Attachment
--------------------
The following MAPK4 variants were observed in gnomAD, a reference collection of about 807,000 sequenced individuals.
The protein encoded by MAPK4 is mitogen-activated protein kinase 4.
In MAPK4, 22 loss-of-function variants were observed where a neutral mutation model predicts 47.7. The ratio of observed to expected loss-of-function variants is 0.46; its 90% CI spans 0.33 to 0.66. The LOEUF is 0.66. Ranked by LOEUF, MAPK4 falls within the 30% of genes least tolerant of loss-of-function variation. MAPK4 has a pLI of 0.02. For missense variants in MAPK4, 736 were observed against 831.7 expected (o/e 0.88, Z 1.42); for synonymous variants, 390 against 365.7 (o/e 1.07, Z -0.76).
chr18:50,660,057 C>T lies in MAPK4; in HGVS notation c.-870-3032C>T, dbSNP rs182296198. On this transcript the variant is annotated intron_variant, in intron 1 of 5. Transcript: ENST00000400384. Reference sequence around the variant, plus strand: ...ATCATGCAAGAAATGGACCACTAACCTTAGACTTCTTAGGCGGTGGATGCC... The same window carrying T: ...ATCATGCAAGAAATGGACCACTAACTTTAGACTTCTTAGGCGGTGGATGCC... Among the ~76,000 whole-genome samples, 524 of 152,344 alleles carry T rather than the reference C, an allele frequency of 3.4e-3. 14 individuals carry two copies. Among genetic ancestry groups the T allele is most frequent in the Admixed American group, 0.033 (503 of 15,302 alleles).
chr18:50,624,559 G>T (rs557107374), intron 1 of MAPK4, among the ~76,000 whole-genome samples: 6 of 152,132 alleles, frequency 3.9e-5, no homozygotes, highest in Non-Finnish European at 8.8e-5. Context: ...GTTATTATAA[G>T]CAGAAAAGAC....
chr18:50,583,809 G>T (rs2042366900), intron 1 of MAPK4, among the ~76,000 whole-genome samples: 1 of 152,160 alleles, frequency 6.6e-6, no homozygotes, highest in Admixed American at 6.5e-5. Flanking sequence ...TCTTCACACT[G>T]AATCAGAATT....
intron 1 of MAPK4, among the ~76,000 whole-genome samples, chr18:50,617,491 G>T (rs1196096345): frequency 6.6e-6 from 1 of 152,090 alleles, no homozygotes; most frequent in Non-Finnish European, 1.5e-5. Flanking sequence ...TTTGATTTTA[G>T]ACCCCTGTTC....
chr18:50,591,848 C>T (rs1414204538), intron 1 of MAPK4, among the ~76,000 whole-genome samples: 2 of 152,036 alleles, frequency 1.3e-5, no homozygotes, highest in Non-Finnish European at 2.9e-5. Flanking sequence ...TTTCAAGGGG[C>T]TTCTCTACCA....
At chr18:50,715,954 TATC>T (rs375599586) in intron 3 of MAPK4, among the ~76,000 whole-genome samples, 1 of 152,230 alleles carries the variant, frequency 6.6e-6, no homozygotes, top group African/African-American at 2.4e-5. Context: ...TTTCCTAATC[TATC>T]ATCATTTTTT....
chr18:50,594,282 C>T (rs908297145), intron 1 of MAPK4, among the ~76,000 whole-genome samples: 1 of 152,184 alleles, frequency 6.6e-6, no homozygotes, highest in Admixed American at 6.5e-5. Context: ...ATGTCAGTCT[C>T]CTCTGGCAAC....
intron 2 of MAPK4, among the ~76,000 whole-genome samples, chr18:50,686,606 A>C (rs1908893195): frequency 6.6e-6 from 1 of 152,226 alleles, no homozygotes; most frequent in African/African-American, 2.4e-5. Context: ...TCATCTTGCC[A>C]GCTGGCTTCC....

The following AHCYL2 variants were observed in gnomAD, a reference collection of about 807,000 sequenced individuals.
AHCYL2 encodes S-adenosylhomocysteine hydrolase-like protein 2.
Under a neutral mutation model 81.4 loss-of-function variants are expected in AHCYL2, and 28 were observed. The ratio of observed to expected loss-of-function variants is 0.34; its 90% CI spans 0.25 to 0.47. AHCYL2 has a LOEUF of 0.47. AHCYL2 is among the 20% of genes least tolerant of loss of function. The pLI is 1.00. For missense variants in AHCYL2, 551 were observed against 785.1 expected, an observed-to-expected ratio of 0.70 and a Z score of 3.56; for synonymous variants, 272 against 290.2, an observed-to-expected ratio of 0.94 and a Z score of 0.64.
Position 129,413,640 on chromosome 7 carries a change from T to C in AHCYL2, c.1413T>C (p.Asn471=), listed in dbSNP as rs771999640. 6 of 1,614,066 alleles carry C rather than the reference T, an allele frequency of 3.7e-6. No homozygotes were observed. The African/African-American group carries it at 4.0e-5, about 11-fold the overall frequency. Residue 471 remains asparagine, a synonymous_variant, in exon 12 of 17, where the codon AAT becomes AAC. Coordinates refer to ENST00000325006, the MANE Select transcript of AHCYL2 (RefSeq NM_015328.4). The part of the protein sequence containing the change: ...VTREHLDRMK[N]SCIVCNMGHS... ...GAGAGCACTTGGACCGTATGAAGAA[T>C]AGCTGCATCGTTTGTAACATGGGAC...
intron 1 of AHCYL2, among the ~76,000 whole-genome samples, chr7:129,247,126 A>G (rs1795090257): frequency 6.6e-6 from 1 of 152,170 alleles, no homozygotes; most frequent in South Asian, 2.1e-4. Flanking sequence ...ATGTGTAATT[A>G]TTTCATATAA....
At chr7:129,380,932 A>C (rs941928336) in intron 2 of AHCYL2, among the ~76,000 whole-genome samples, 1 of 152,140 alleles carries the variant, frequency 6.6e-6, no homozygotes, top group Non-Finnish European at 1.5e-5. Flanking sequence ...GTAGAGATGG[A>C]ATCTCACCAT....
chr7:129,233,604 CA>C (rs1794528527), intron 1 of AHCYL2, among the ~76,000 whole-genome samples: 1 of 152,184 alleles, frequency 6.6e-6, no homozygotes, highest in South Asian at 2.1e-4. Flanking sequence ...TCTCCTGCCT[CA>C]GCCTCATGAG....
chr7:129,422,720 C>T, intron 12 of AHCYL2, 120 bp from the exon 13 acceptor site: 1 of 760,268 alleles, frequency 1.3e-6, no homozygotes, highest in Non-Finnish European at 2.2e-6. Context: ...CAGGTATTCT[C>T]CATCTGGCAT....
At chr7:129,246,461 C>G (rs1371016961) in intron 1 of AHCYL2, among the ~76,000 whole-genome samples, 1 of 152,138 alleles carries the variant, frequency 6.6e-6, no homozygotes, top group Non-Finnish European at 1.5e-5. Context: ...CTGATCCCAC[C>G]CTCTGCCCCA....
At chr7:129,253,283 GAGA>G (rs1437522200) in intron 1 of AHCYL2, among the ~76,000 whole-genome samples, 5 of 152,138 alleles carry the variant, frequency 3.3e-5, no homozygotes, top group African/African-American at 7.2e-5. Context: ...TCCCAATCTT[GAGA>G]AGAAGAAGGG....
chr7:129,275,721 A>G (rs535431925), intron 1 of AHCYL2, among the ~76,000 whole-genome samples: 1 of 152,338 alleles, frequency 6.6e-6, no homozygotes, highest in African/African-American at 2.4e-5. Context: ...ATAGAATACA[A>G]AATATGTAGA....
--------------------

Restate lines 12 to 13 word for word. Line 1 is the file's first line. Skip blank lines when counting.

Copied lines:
The following AHCYL2 variants were observed in gnomAD, a reference collection of about 807,000 sequenced individuals.
AHCYL2 encodes S-adenosylhomocysteine hydrolase-like protein 2.